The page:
Brakes are designed to absorb a certain amount of motion energy as heat, and as they work they heat up, and their temperature rises. They are usually designed so that they can stop a car from top speed without getting too hot. And they can do that on a hot day, with the car loaded down with passengers, and going down hill. And they can repeat the entire test back to back a couple of times. But when they get too hot, eventually they will stop working. Usually the first thing to go is the brake fluid, which is a type of oil that is designed to transmit your foot pedal pressure to the brake pads that squeeze the rotating disk. Once this oil evaporates, or burns up, your brakes stop working. Or if the brake friction pads burst into flames, your brakes will suffer serious damage. Or if any metal thing melts down or lets go under pressure. You have to understand that the brakes will still work even when they are really hot, but there are ways to get them too hot and then, by definition, they will fail.

Now how can they get too hot? Say you are at the top of a 20 mile downhill run, pulling a big trailer. And you decide to hold the speed of the car with the brakes alone, in neutral, not using the engine. You may be OK for a mile or two, but you will smell burning at some point. Then your brakes are getting close to their limit.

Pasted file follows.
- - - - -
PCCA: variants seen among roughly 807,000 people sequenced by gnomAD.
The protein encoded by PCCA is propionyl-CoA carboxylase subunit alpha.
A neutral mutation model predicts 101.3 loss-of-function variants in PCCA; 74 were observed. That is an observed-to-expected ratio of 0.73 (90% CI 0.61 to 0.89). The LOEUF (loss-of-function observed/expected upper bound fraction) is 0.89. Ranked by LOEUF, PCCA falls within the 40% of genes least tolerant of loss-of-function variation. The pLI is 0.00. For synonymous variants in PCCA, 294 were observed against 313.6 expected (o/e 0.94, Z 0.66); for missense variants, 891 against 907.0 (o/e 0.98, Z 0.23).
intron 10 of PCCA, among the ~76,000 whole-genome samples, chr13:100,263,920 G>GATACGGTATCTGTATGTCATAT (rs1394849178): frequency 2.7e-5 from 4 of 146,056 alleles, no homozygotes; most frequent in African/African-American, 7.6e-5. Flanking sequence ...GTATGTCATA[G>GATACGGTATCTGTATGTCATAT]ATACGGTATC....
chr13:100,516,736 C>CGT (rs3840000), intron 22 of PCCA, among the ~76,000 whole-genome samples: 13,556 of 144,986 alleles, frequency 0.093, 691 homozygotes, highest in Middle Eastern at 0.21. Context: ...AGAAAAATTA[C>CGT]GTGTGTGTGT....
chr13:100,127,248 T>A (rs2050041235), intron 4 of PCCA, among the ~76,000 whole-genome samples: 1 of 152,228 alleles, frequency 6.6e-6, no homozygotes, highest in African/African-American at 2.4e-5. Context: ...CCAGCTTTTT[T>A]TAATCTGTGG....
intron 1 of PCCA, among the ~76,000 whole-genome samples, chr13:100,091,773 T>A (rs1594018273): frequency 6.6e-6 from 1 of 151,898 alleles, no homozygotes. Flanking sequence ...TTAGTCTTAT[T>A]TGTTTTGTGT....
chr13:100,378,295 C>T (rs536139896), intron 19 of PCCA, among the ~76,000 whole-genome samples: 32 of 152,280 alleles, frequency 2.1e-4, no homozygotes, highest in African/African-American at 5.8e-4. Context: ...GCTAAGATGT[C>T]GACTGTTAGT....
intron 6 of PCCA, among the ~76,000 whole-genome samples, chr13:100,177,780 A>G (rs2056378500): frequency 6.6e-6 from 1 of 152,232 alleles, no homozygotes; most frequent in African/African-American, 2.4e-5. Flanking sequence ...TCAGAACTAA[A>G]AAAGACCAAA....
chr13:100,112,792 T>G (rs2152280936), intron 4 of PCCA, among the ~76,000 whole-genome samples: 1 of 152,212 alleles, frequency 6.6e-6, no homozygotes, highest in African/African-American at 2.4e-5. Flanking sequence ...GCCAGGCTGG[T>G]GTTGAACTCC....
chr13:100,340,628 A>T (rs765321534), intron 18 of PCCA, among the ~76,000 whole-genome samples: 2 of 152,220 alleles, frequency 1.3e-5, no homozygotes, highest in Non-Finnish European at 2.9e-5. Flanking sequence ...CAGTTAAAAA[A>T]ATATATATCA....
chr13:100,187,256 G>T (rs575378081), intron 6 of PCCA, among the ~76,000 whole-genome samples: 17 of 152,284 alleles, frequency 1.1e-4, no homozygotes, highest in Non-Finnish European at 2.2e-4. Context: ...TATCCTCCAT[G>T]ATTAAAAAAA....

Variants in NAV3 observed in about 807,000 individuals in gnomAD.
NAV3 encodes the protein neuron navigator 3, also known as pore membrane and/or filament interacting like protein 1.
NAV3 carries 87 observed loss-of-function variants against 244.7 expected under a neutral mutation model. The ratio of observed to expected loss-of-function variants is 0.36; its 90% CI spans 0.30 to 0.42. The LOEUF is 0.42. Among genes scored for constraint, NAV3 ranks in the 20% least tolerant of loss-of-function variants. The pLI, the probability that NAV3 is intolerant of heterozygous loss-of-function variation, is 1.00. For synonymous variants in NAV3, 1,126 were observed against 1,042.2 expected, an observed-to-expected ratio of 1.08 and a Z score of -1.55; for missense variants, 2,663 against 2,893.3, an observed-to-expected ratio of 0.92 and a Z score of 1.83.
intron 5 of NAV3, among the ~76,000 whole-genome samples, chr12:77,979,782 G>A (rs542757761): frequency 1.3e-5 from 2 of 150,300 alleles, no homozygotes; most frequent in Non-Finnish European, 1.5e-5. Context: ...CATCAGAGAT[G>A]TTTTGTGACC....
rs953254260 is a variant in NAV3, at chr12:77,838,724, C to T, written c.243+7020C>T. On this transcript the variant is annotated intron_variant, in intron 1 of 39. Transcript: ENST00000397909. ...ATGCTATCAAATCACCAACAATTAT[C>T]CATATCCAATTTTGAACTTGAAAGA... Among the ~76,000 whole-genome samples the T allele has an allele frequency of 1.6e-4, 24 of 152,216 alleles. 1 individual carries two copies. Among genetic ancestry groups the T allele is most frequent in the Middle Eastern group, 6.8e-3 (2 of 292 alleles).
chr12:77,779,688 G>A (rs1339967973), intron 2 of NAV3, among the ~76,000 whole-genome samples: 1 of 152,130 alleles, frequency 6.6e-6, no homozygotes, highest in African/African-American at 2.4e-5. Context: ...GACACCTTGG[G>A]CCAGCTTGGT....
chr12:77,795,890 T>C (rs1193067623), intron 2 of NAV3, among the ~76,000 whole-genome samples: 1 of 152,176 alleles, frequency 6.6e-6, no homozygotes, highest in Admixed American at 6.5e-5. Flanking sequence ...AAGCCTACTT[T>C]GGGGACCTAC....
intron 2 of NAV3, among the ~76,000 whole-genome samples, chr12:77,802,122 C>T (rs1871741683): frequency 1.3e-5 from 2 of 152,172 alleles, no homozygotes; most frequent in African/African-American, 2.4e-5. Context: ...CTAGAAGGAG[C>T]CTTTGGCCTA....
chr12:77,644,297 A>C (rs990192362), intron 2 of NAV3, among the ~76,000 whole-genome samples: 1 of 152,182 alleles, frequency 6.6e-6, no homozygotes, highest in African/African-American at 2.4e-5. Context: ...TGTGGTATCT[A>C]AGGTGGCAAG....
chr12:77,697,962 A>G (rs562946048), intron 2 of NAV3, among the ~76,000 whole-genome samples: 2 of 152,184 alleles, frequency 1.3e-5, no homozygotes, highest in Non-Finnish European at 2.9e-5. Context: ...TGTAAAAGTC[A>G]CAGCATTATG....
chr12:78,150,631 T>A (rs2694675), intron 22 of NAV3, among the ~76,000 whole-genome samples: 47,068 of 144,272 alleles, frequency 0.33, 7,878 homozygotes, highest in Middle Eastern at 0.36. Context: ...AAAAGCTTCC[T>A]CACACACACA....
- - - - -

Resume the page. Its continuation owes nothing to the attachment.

Another way to make them fail, is to push the throttle all the way down at 60 mph, but hold your speed steady using the brakes. That would be worse than a 20 mile downhill run, especially with a powerful engine.

Now here is a strange part. If your car is standing still, and you apply the brakes really hard, the engine will not be able to get the car moving. Even with an automatic transmission in drive, you can keep your foot to the floor on the accelerator, and the brakes will not even begin to warm up. But your transmission will. That's because as the brakes are stopped, they are not creating friction or heat. But the energy from the engine has to go somewhere, and the only place to go is the transmission. Pretty soon your transmission will blow up. So that's a little tip for you people who want to do that type of thing just to see what blows up first.